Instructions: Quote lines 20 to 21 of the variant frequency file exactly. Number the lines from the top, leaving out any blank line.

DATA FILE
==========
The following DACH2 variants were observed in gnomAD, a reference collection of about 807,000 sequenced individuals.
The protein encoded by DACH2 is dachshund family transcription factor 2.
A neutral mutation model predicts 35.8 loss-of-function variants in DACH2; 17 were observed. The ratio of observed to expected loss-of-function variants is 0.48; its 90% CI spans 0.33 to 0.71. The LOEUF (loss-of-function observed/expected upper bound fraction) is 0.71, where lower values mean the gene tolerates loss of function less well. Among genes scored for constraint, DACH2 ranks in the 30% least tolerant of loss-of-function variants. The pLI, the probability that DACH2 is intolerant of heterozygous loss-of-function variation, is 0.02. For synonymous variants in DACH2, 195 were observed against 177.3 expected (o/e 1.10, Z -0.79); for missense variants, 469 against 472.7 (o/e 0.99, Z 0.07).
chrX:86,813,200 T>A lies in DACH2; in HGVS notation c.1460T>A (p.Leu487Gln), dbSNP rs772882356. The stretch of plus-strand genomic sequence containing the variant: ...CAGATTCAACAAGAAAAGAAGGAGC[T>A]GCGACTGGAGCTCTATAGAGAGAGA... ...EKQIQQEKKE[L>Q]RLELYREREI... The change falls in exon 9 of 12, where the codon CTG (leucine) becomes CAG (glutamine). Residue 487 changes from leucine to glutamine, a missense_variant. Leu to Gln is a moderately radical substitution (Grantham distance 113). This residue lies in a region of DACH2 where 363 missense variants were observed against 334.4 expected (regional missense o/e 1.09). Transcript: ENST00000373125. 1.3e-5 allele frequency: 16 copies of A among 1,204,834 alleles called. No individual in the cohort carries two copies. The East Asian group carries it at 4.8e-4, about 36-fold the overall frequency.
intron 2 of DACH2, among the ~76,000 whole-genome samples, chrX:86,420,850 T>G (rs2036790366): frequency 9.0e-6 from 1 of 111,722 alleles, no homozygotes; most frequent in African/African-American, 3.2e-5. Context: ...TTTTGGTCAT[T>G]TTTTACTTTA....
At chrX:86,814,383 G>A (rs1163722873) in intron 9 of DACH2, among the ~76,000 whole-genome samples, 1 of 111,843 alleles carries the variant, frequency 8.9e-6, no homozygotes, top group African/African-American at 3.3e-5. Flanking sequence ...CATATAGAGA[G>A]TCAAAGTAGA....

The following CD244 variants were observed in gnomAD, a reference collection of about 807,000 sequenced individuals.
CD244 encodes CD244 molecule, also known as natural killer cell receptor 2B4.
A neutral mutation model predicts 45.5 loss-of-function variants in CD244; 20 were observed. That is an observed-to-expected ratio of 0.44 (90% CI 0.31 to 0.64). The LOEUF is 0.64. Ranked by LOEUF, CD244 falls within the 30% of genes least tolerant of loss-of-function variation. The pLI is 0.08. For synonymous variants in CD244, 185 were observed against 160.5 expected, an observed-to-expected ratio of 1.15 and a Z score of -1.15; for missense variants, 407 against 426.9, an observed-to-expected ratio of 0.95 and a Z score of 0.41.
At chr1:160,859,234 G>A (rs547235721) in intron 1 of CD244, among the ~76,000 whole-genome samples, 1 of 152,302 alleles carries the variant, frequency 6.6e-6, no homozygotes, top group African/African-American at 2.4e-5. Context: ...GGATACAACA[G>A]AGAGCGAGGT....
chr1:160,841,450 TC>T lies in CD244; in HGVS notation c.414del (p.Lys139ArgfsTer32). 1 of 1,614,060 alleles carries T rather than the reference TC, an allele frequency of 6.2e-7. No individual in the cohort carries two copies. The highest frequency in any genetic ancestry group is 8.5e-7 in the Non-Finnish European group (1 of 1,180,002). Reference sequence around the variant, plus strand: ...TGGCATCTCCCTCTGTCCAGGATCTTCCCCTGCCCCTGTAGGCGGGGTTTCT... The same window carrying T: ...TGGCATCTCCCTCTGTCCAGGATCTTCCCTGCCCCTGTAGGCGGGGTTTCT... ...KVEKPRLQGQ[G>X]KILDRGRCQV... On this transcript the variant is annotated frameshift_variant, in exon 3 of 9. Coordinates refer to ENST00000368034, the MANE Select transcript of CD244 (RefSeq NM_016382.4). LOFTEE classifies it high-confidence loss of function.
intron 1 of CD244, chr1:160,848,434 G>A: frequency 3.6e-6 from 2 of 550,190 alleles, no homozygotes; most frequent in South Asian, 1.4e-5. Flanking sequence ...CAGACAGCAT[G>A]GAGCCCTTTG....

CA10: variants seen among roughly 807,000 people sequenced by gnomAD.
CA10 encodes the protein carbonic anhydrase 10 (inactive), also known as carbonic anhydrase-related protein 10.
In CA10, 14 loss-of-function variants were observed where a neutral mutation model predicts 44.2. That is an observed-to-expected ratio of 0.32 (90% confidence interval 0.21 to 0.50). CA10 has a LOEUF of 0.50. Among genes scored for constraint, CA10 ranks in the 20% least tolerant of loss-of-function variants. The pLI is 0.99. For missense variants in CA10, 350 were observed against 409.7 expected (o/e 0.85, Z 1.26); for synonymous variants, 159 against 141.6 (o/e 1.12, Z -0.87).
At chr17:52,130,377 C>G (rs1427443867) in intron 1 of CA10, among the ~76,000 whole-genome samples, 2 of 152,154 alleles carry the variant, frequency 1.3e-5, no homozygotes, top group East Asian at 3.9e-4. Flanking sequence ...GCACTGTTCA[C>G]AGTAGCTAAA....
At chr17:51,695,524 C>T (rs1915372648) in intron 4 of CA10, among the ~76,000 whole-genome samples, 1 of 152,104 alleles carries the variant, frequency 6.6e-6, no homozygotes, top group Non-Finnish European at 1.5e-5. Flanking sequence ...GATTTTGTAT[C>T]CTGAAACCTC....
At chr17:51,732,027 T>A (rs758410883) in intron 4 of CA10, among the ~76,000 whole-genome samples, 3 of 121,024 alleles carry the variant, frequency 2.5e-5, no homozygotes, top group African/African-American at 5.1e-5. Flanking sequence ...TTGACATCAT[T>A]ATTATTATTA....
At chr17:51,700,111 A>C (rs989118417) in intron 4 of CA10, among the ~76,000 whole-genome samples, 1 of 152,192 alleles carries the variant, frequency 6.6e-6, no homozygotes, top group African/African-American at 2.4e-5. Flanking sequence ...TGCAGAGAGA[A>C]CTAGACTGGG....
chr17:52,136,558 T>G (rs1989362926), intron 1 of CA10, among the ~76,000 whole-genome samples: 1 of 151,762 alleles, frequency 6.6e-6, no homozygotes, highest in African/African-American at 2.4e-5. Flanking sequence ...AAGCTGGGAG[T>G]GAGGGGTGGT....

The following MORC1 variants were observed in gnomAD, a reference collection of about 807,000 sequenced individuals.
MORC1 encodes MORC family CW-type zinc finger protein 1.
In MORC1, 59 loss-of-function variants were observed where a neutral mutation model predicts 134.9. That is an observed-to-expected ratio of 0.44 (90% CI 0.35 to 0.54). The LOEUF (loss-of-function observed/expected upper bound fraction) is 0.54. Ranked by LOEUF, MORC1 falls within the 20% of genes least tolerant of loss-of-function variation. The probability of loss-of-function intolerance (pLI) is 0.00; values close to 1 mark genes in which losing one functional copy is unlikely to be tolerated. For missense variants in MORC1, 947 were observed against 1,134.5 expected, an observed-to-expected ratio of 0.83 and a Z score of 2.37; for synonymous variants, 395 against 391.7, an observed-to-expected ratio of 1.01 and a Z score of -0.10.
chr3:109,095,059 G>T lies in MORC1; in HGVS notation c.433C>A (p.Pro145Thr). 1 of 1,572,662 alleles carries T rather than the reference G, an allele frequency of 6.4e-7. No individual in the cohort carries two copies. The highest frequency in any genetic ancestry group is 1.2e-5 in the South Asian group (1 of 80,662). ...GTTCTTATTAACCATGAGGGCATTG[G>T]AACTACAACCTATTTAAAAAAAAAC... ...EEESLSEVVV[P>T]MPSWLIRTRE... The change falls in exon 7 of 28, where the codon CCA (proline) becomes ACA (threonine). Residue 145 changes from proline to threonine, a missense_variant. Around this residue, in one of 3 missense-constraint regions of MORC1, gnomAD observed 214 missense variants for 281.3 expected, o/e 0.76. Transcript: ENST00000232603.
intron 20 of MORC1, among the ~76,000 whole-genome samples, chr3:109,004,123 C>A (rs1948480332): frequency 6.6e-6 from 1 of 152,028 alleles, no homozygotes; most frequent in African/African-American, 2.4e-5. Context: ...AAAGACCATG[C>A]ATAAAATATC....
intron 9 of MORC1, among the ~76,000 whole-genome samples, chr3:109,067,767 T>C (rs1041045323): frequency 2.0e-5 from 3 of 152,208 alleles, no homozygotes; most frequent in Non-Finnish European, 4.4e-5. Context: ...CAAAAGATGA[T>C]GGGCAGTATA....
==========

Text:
chr17:52,136,558 T>G (rs1989362926), intron 1 of CA10, among the ~76,000 whole-genome samples: 1 of 151,762 alleles, frequency 6.6e-6, no homozygotes, highest in African/African-American at 2.4e-5. Flanking sequence ...AAGCTGGGAG[T>G]GAGGGGTGGT....

The following MORC1 variants were observed in gnomAD, a reference collection of about 807,000 sequenced individuals.